Said the big white rooster, “Gosh all Hemlock. Things are tough.
Seems that worms are getting scarce and I cannot find enough.
What’s become of all those fat ones is a mystery to me;
There were thousands through the rainy spell, but now where can they be?”

The little red hen, who heard him, didn’t grumble or complain,
She had been through lots of dry spells, she has lived through floods of rain;
So she flew up on the grindstone and she gave her claws a whet,
And she said, “I’ve never seen a time there were no worms to get.”

She picked a new and undug spot; the earth was hard and firm.
The big white rooster jeered, “New ground! That’s no place for a worm.”
The little red hen spread her feet, she dug fast and free,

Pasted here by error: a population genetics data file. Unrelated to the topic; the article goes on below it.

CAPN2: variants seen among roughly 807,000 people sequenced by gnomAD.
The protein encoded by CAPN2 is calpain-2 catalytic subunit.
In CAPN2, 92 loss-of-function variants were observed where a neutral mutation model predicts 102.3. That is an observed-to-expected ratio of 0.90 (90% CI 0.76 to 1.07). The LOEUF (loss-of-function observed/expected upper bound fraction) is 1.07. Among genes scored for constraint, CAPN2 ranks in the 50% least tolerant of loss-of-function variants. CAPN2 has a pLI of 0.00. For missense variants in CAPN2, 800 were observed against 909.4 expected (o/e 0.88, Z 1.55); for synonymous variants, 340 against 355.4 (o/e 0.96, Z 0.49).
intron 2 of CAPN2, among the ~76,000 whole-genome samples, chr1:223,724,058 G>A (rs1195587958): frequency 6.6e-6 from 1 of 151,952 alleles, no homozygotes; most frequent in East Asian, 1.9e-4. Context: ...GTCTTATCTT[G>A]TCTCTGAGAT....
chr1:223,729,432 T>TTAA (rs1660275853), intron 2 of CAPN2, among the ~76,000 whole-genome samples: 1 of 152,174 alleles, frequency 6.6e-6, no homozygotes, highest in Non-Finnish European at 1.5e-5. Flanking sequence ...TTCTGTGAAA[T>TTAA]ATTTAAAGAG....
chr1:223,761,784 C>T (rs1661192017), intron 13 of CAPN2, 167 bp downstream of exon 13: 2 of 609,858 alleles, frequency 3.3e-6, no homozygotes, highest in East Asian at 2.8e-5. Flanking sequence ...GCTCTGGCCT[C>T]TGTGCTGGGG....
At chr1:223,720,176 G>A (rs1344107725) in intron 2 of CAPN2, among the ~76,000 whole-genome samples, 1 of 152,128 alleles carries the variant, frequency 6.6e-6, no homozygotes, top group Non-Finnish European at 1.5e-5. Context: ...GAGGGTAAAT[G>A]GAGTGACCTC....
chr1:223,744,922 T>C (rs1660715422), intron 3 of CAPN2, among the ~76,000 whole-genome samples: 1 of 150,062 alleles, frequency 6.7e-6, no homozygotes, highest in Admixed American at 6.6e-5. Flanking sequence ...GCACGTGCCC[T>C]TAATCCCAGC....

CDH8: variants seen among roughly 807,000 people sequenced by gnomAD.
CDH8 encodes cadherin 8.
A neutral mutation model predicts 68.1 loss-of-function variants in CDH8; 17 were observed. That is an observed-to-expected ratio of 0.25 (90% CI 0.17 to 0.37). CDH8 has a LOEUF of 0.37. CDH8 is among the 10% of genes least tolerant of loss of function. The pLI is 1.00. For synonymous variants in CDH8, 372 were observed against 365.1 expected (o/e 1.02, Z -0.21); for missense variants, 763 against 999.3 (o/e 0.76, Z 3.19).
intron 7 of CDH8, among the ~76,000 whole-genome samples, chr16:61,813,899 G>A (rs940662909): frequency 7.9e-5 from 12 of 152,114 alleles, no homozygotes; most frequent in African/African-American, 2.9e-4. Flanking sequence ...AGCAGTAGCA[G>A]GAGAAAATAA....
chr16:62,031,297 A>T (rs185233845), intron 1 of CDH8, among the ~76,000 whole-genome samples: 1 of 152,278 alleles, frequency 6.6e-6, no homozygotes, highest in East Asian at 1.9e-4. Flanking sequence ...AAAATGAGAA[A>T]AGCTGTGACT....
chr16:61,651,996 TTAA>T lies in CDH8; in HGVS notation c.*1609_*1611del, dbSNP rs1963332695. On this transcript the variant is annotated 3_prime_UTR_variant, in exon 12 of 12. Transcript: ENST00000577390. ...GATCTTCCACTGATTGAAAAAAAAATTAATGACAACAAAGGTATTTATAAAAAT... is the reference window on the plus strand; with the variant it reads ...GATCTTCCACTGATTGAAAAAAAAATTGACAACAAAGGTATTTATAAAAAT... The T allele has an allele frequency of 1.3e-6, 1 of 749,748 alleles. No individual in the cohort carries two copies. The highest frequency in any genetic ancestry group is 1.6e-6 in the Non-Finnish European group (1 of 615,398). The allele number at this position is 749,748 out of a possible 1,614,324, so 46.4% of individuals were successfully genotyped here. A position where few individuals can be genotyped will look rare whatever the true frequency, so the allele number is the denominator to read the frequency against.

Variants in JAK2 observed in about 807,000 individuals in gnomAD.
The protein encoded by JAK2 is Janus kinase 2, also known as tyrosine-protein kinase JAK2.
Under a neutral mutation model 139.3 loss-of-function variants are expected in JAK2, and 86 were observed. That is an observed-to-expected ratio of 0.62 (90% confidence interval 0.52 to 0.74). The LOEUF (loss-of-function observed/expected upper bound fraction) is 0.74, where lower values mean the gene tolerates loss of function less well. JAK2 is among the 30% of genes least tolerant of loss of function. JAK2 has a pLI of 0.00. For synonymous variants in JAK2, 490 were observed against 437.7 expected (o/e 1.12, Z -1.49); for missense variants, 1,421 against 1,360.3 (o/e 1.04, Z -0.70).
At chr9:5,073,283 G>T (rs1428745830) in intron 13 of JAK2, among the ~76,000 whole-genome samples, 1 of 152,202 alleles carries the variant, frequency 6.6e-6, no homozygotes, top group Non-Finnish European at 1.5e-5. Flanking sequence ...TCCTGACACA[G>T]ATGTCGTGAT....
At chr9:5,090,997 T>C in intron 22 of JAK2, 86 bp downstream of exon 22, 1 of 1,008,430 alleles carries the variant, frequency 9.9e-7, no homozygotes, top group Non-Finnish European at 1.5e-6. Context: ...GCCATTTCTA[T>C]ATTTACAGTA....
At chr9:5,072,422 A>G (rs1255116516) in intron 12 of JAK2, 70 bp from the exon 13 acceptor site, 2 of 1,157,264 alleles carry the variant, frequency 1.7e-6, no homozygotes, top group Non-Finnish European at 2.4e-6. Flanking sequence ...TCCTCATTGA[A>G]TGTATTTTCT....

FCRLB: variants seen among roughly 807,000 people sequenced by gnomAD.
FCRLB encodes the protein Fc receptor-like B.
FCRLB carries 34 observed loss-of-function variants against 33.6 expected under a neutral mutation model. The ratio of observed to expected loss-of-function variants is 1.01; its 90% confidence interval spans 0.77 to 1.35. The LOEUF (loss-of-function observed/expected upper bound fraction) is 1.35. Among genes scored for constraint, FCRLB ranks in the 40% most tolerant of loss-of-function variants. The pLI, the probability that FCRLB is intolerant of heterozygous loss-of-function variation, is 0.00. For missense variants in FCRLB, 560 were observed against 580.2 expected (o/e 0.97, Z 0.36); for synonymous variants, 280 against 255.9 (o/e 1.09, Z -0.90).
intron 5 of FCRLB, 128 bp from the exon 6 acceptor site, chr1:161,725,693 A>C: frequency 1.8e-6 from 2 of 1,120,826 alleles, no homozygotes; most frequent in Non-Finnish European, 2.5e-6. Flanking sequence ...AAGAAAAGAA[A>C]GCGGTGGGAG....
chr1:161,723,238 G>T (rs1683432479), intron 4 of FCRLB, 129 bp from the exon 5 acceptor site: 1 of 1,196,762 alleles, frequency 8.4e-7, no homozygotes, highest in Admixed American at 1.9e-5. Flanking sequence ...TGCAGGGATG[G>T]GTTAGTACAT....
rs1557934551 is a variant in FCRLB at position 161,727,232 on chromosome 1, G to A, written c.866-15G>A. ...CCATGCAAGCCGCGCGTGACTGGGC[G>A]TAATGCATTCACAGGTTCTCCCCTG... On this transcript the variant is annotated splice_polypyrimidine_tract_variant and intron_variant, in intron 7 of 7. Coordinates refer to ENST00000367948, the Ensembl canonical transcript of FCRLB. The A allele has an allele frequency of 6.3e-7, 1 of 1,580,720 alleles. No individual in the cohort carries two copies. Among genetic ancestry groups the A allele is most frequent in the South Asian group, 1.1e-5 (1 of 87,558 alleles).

“I must go to the worms,” she said, “the worms won’t come to me.”

The Rooster vainly spent his day, through habit by the ways,
Where fat worms have passed in squads, back in the rainy days.
When nightfall found him supper-less, he growled in accents rough,
“I’m as hungry as a fowl can be. Conditions sure are tough.”

He turned to the little red hen and said, “It’s worse with you,
For you’re not only hungry, but you must be tired too.
I rested while I watched for worms, so I feel fairly perk;
But how are you? Without worms too? And after all that work?”

The little red hen hopped to her perch and dropped her eyes to sleep,
And murmured, in a drowsy tone, “Young man, hear this and weep,
I’m full of worms and happy, for I’ve dined both long and well,
The worms were there, as always - but boy I had to dig!”